Volvo and NTU to trial autonomous electric buses in Singapore
Volvo Buses and Nanyang Technological University (NTU) in Singapore have signed a cooperation agreement on a research and development program for autonomous electric buses. The program is part of the Land Transport Authority of Singapore’s drive to create new solutions for tomorrow’s sustainable public transport.
Singapore and its Land Transport Authority (LTA) are recognized for their focus on public transport and deployment of autonomous vehicles in the effort to create a sustainable city environment. Singapore has announced that self-driving buses will be deployed in several areas of the country by 2022.
For Volvo this will be the first autonomous application in public transportation. Volvo has already demonstrated the autonomous technology in mining, quarry and refuse collection operations.
“We are seeing fast-growing interest in both autonomous and electric vehicles in cities all over the world. Together with NTU, one of the world’s leading universities of technology, we now have the possibility of testing various solutions under realistic conditions in a major city that has high ambitions for its public transport,” said Håkan Agnevall, president Volvo Buses.
“We consider Singapore and NTU as excellent partners for Volvo, offering an enabling environment and complete ecosystem of research, development and implementation of new solutions. The technology developed in Singapore can contribute to future autonomous applications by Volvo Buses.”
The basis of the program consists of two all-electric 12-metre Volvo 7900 Electric buses, of the same type that Volvo Buses already delivers today. Volvo and NTU will build the autonomous driving solution on Volvo’s platform.
One of the autonomous electric buses in the program will be used on Singapore’s advanced new test facility for autonomous vehicles, CETRAN, which was inaugurated in November 2017. Here, NTU’s researchers will in a fenced-off area be able to test new functionality and study how the bus interacts with other road-users in various conditions.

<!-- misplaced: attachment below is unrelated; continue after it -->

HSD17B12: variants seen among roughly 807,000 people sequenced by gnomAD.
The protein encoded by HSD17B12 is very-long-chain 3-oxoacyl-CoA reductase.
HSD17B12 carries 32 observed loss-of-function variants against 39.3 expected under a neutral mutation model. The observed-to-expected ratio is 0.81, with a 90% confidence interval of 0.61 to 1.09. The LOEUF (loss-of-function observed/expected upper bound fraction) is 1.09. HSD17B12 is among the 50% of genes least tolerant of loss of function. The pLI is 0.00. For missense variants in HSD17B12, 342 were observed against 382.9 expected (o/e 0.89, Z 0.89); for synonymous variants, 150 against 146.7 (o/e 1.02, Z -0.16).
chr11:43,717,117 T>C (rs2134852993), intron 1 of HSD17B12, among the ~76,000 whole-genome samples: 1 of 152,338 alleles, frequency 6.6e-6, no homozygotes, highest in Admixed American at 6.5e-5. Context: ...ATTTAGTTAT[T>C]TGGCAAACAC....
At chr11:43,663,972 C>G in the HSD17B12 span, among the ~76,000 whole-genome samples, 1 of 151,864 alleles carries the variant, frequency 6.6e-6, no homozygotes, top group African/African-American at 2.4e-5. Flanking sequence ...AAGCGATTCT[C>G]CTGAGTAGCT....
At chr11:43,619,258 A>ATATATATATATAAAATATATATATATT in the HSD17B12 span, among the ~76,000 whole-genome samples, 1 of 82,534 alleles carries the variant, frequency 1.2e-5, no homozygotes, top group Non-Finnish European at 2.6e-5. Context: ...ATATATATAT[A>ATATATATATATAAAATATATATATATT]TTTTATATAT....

The second bus will be used for tests in the bus depot in partnership with the public transport operator SMRT. The aim is that tomorrow’s autonomous buses should be able to charge their batteries, drive through the depots to the vehicle wash and park – entirely autonomously.
“Industry-academic connections are key in nurturing an environment which promotes innovation, research excellence, and technological change for a better tomorrow. NTU takes pride in its strong industry connections, and this partnership with Volvo will pave the way for future mobility solutions by developing and testing autonomous buses right here on campus. These solutions will further strengthen Singapore’s vision of embracing autonomous vehicle technologies and enhance public transportation,” said NTU President Professor Subra Suresh.
“Our electric buses already make it possible for cities to improve their air quality and reduce noise levels. With our system approach to electromobility we in addition open up new ways for urban planning. When developing autonomous solutions for public transport we can really leverage the Volvo Group expertise in this rapidly developing technology field,” Agnevall said.
The cooperative program between Volvo Buses and NTU is now underway and will initially last for two years. The jointly developed autonomous electric buses will arrive in Singapore in early 2019.